When you use a streaming system, you automatically provision the application's shortcut on the user's endpoint. When the user double-clicks the shortcut, the streaming process begins. To the user, the application is simply starting, but in the background several things happen:
To begin, the application will have been prepared for streaming. This means that it has been turned into a sequence of 4-byte blocks so they can be sent one at a time to the endpoint. Blocks usually fit into three categories:
Startup blocks which are required to launch the application and make up about 10% of the app.
Predictive blocks which the streaming engine may also support. They are the most commonly used blocks other than Startup blocks. Again, these make up another 10% of the application.
On-demand blocks make up the rest.
When the user clicks the shortcut, the Startup blocks are streamed to the system, and the shortcut to the streaming system is replaced with the shortcut to the actual application. As soon as the Startup blocks are available locally, the application launches. The Predictive blocks are sent next while the user is working. When the user clicks on a feature that has not yet been streamed, the required On Demand blocks are sent.
All blocks are cached locally to ensure that the application is available even if the user is disconnected from the network.
If the application needs an update, just update the streaming repository. The next time the user is connected and launches the application, the new bits will be streamed and the application will be updated in the local cache.
Streaming applications brings a lot of benefits to application virtualization. Since only required blocks are sent, you don't hog network bandwidth by sending the entire application to the endpoint. Think about it: Installing Microsoft Office usually means sending out about 500 MB of data to each endpoint. With streaming, you send out only about 50 to 100 MB, and only when the users request it. Also, since you stream data to endpoints on demand, you gain complete control over the delivery system. In addition, because the streaming agent can tell you if someone is actually using a program or not, you can better manage your licenses because you can re-harvest those that are not being actively used.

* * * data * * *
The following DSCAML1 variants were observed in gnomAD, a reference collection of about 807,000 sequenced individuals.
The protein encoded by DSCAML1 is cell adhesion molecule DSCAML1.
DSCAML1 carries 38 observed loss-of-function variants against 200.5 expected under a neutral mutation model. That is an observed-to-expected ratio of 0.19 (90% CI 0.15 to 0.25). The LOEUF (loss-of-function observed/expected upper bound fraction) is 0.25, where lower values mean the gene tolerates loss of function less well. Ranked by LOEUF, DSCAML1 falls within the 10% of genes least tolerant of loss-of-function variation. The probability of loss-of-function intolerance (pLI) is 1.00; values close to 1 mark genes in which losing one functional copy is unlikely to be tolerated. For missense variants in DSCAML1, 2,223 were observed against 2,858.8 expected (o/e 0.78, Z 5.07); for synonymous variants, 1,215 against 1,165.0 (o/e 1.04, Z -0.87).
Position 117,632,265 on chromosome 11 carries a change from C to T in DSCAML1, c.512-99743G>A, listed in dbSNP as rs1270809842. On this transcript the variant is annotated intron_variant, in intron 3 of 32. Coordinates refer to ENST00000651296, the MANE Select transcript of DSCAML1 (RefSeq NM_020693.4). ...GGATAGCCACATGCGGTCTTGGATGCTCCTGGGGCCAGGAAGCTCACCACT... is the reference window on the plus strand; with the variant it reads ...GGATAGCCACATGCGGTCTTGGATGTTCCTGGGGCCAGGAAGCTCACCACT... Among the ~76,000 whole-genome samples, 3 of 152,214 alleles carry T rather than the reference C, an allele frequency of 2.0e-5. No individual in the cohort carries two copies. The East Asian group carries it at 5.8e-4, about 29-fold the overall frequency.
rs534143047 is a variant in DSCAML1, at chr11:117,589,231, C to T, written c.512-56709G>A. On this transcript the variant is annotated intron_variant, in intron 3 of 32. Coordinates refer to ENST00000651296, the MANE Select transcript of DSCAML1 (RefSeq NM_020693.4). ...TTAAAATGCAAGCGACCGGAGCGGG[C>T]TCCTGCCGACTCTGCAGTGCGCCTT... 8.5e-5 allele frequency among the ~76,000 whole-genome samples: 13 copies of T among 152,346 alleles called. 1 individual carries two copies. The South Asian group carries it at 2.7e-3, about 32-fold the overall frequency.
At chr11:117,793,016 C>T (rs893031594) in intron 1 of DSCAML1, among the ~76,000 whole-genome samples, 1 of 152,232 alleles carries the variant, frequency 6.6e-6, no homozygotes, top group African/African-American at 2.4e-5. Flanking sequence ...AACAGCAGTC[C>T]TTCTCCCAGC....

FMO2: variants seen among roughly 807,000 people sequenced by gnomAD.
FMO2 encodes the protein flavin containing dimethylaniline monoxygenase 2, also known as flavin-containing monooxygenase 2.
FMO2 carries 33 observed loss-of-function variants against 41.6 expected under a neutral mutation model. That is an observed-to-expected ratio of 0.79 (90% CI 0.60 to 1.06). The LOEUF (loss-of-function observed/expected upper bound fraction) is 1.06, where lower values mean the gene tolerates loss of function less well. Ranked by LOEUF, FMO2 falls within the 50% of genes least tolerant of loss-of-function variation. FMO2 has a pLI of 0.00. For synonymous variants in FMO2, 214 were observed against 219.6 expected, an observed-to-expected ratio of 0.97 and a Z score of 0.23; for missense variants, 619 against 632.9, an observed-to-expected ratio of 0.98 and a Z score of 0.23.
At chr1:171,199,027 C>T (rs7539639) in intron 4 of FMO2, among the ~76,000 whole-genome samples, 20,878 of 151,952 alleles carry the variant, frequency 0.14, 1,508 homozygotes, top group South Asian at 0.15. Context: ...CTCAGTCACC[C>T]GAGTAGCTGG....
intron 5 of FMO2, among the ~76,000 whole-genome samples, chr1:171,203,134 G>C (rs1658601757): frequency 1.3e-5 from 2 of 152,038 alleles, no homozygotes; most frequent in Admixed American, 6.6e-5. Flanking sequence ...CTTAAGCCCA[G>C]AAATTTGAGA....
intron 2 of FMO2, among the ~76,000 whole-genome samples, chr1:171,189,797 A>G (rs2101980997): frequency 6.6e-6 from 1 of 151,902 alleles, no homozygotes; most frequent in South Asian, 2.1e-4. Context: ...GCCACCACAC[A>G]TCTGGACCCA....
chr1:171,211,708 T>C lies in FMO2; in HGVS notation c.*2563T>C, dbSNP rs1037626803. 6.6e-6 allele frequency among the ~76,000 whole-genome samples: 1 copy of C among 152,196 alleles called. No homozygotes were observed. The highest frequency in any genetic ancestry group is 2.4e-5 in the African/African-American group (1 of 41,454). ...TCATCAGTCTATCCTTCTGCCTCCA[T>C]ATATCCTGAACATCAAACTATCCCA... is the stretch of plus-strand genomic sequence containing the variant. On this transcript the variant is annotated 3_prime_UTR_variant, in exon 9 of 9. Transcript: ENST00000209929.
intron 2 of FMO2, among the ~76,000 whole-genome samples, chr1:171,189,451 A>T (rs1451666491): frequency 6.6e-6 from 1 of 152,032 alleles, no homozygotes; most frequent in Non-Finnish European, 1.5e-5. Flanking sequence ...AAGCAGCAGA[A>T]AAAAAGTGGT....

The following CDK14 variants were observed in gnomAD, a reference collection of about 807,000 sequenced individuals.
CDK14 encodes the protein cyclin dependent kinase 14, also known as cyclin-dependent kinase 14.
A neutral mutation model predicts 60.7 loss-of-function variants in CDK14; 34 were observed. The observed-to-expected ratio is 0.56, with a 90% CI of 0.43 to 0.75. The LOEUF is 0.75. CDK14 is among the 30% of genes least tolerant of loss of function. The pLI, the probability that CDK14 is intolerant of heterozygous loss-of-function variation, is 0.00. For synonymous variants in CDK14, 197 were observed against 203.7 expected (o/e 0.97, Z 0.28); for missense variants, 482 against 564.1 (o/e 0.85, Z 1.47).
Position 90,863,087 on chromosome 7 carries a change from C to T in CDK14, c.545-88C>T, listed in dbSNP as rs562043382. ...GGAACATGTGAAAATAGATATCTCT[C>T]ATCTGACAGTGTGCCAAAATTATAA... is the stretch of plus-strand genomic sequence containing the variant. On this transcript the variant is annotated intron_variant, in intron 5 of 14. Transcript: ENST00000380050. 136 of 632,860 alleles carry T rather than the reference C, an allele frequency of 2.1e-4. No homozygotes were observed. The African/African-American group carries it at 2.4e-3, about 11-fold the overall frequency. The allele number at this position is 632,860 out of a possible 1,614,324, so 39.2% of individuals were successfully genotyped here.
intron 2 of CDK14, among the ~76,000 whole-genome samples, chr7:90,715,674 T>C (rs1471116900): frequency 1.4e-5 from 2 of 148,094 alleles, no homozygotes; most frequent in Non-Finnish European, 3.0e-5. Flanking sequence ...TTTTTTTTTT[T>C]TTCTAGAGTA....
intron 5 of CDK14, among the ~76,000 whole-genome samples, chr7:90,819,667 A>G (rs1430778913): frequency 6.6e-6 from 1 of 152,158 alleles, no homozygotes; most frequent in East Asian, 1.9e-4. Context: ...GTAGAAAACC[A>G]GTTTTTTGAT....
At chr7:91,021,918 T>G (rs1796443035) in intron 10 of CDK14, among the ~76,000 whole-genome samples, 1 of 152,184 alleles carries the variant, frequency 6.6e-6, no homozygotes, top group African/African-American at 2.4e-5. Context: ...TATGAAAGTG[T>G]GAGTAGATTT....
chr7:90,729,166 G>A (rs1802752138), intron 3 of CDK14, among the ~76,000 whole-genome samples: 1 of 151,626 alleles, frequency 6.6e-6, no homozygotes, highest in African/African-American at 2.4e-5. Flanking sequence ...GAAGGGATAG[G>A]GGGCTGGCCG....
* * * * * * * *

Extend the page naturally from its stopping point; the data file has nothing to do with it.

Streaming architectures are much simpler than traditional electronic software distribution systems (see Figure 1). After all, the streaming server is nothing more than a glorified file server. Processing requirements are kept to a minimum and since everything occurs over standard HTTP ports, you can also stream to users over the Internet so long as they already have the streaming agent installed or have the access rights to install it.
Gain the best of all worlds
For IT administrators, application virtualization is the best thing since sliced bread -- you only have to visit applications once during their lifecycle. Together with streaming, app virtualization transforms the application management model and greatly simplifies productivity application support. If an application no longer works, simply reset it to its original state. If a user no longer needs an application, don't uninstall it, simply clear the cache. If a user needs an application for a temporary period, simply control the cache duration. Try doing that with a traditional software installation!
If you haven't looked at application virtualization yet, don't wait any longer. And when you do, make sure the product you choose combines the power of app virtualization with streaming so that you can truly gain the upper hand on those pesky apps.